On 8 January 2021, a team of 21 scientists aboard the German research vessel Sonne will set out on the IceDivA expedition (SO280) in the Atlantic to study the diversity of marine organisms in the deep sea. They intend to collect samples from the Iceland Basin to the Azores at depths between 4,000 and 5,000 meters and map the ocean floor by means of hydroacoustics. To date, the deep-sea ecosystem has been studied less extensively than the far side of the moon. The team hopes that the IceDivA expedition will contribute to a better understanding of the deep-sea biome, ultimately leading to more efficient conservation measures.
The primary focus of the IceDivA expedition is to study the distribution of deep-sea species. In this context, IceDivA can build on the findings of several preceding projects – the end point of the previous expedition IceAGE3 (SO276 in the summer of 2020) defines the starting point of this new expedition. The integration of data from previous missions forms a central component of the IceDivA work, with comparable and consistent use of equipment and standardized sampling techniques making it possible to evaluate paradigms regarding biodiversity, species inventory, and species composition in relation to depth and width.
The IceDivA expedition connects two deep-sea projects in this regard: IceAGE (Icelandic marine Animals: Genetics and Ecology) and DIVA (Latitudinal Gradients in BioDIVersity in the deep Atlantic) as well as the EU project iAtlantic. IceAGE is an established international project that was initiated in 2011 and builds on the preceding project BIOICE (Benthic Invertebrates of Icelandic Waters). By connecting to the southernmost IceAGE3 station, IceDivA adds a latitudinal gradient, which in turn forms a link to the BIODIAZ project (Controls in benthic and pelagic BIODIversity of the AZores). The study area is located in one of iAtlantic’s regions of interest (the Porcupine deep-sea plain and the Azores plateau). A contiguous and comprehensive mapping of the ocean floor by means of hydroacoustics is an indispensable prerequisite for identifying habitats – one of the iAtlantic project’s primary tasks, and an equally important objective in the IceDivA project.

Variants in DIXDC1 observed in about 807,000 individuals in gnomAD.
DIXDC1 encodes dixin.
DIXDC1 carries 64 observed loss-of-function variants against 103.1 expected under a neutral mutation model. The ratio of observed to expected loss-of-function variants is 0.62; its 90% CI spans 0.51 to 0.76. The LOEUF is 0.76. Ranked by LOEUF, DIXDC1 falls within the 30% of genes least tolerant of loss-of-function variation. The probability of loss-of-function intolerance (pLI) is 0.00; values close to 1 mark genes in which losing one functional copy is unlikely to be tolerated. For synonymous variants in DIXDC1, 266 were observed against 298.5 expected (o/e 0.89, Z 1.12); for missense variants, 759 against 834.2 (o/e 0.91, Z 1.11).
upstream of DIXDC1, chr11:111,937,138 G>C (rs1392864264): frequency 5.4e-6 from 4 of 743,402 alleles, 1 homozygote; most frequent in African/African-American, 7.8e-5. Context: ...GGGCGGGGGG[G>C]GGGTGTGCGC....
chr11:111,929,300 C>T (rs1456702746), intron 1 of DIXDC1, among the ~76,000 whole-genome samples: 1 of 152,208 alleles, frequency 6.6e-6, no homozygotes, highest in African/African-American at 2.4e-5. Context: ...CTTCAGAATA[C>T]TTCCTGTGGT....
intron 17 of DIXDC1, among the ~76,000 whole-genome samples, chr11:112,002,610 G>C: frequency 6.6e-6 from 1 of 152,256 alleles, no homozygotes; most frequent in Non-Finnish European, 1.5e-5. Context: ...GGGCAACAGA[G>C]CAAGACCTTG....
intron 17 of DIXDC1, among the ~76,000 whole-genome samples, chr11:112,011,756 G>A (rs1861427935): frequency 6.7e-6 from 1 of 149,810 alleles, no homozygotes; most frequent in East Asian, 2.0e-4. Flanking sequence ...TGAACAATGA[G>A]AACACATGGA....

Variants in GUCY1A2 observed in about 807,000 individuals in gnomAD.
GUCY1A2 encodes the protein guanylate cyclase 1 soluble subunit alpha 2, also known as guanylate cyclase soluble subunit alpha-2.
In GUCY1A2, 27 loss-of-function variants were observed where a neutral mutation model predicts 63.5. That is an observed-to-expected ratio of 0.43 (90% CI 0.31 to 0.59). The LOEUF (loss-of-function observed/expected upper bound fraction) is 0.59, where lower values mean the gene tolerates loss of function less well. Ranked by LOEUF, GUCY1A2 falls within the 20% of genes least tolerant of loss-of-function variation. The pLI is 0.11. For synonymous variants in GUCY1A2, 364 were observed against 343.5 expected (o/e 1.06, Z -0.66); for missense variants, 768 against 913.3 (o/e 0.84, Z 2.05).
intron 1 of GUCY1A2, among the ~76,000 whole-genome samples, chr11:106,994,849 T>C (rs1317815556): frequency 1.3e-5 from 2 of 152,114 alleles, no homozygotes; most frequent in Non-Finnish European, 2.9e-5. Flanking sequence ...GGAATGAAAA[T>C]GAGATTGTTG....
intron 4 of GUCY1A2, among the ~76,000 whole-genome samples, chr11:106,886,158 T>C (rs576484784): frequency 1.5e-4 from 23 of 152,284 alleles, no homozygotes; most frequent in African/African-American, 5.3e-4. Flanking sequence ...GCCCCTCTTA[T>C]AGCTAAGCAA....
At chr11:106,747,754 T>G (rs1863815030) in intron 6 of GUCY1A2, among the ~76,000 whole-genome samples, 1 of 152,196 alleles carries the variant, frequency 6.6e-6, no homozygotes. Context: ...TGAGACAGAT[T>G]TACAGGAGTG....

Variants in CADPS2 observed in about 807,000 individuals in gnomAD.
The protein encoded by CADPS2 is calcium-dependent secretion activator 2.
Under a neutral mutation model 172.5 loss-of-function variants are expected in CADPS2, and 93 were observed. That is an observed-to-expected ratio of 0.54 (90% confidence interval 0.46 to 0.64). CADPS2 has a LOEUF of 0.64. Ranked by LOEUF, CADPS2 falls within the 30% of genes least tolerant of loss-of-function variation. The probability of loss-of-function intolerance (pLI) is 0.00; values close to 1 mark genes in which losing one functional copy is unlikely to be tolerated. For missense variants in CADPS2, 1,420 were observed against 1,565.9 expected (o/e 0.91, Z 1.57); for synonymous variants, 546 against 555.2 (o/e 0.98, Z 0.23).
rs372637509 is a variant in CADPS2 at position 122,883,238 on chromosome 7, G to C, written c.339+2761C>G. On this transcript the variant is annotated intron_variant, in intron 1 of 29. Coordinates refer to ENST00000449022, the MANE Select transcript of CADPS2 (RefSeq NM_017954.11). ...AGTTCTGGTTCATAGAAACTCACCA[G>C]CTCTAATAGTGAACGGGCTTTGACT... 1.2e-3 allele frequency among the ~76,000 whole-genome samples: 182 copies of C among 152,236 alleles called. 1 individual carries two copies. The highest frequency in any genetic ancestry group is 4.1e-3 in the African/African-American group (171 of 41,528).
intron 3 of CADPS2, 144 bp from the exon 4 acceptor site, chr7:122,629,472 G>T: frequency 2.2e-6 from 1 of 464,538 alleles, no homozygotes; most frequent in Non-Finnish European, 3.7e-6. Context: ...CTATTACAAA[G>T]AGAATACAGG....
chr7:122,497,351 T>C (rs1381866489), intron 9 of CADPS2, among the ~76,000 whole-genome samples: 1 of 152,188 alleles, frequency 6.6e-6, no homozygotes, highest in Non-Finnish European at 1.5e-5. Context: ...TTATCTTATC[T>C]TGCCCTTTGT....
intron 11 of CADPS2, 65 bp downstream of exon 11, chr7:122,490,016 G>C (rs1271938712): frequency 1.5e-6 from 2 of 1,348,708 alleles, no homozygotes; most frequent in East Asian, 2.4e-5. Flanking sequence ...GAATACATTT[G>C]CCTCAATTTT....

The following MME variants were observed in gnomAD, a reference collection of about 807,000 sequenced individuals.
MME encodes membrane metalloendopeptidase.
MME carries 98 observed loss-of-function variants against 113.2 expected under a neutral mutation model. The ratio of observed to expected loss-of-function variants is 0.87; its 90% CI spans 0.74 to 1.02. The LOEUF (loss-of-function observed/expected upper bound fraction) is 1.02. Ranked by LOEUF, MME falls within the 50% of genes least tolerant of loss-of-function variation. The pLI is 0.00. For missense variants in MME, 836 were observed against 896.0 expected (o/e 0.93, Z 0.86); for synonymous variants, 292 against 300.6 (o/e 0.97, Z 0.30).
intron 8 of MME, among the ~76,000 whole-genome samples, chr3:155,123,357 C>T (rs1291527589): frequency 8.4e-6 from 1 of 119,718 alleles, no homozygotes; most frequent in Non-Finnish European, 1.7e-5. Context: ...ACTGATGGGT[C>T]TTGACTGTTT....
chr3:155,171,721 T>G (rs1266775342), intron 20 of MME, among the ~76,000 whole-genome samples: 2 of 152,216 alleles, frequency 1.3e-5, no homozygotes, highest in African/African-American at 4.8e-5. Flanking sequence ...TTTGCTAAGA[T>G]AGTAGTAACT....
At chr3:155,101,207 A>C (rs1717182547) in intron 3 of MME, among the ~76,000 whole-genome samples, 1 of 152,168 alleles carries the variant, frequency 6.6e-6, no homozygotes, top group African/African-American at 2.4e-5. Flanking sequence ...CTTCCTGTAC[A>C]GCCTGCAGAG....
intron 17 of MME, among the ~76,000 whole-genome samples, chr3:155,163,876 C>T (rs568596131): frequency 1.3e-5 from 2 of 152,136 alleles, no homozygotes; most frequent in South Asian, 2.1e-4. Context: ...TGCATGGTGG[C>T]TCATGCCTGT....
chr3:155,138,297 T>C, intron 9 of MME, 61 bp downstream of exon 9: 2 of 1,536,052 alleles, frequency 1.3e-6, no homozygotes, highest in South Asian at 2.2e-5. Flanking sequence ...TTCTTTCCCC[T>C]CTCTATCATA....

In addition to the biological studies, the “DArgo2025_RBRpilot” project will also be on board. As part of this project, a total of 10 ARGO floats made by different manufacturers will be equipped with sensors for measuring the salinity, temperature and pressure (CTD) to compare their respective performance. Breaking with the traditional approach, on this expedition the floats will be released as a swarm in a single position, if possible, to obtain an initial direct comparison of the measuring parameters. Concurrently, the water column in the release area will be examined at a fine scale with onboard CTD sensors. These measurements serve as a reference for assessing the ARGO float data. During the course of the expedition on RV Sonne, after their successful release, the floats will repeatedly dive to depths of 2,000 meters and return to the surface 48 hours later to transmit the collected data via satellite to a data centre.
The team on board will be sending back regular reports via our expedition blog – so check back here soon for the latest updates from RV Sonne.
Belgica Mound province: ROV (photogrammetry), ROV multibeam, lander deployment